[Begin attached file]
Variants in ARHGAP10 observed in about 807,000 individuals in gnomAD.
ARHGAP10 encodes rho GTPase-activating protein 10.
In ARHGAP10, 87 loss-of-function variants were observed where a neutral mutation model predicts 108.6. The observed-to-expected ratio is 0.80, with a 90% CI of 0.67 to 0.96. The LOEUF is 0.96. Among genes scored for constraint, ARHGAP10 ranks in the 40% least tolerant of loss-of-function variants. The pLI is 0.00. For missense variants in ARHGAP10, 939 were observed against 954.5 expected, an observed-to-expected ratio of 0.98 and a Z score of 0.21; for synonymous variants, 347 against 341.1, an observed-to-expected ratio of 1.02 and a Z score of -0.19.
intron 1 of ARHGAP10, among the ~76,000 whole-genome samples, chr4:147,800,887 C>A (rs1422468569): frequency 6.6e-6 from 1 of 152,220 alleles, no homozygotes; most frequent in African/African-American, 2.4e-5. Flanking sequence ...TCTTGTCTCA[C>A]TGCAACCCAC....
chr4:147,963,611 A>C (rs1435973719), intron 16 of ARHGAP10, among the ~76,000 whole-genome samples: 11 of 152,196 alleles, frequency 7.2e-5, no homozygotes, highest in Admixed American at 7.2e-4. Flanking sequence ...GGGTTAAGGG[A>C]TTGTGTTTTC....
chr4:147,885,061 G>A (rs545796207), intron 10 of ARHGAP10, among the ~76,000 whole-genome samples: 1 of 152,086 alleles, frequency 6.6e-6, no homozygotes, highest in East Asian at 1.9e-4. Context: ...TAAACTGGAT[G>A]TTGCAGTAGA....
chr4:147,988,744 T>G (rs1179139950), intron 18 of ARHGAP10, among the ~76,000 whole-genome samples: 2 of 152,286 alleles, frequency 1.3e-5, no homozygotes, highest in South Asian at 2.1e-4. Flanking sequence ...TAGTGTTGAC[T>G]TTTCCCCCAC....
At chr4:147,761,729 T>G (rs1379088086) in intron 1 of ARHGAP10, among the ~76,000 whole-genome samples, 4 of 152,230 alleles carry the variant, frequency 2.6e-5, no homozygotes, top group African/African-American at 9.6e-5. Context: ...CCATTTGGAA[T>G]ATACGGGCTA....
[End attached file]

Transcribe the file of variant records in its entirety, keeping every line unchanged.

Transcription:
Variants in ARHGAP10 observed in about 807,000 individuals in gnomAD.
ARHGAP10 encodes rho GTPase-activating protein 10.
In ARHGAP10, 87 loss-of-function variants were observed where a neutral mutation model predicts 108.6. The observed-to-expected ratio is 0.80, with a 90% CI of 0.67 to 0.96. The LOEUF is 0.96. Among genes scored for constraint, ARHGAP10 ranks in the 40% least tolerant of loss-of-function variants. The pLI is 0.00. For missense variants in ARHGAP10, 939 were observed against 954.5 expected, an observed-to-expected ratio of 0.98 and a Z score of 0.21; for synonymous variants, 347 against 341.1, an observed-to-expected ratio of 1.02 and a Z score of -0.19.
intron 1 of ARHGAP10, among the ~76,000 whole-genome samples, chr4:147,800,887 C>A (rs1422468569): frequency 6.6e-6 from 1 of 152,220 alleles, no homozygotes; most frequent in African/African-American, 2.4e-5. Flanking sequence ...TCTTGTCTCA[C>A]TGCAACCCAC....
chr4:147,963,611 A>C (rs1435973719), intron 16 of ARHGAP10, among the ~76,000 whole-genome samples: 11 of 152,196 alleles, frequency 7.2e-5, no homozygotes, highest in Admixed American at 7.2e-4. Flanking sequence ...GGGTTAAGGG[A>C]TTGTGTTTTC....
chr4:147,885,061 G>A (rs545796207), intron 10 of ARHGAP10, among the ~76,000 whole-genome samples: 1 of 152,086 alleles, frequency 6.6e-6, no homozygotes, highest in East Asian at 1.9e-4. Context: ...TAAACTGGAT[G>A]TTGCAGTAGA....
chr4:147,988,744 T>G (rs1179139950), intron 18 of ARHGAP10, among the ~76,000 whole-genome samples: 2 of 152,286 alleles, frequency 1.3e-5, no homozygotes, highest in South Asian at 2.1e-4. Flanking sequence ...TAGTGTTGAC[T>G]TTTCCCCCAC....
At chr4:147,761,729 T>G (rs1379088086) in intron 1 of ARHGAP10, among the ~76,000 whole-genome samples, 4 of 152,230 alleles carry the variant, frequency 2.6e-5, no homozygotes, top group African/African-American at 9.6e-5. Context: ...CCATTTGGAA[T>G]ATACGGGCTA....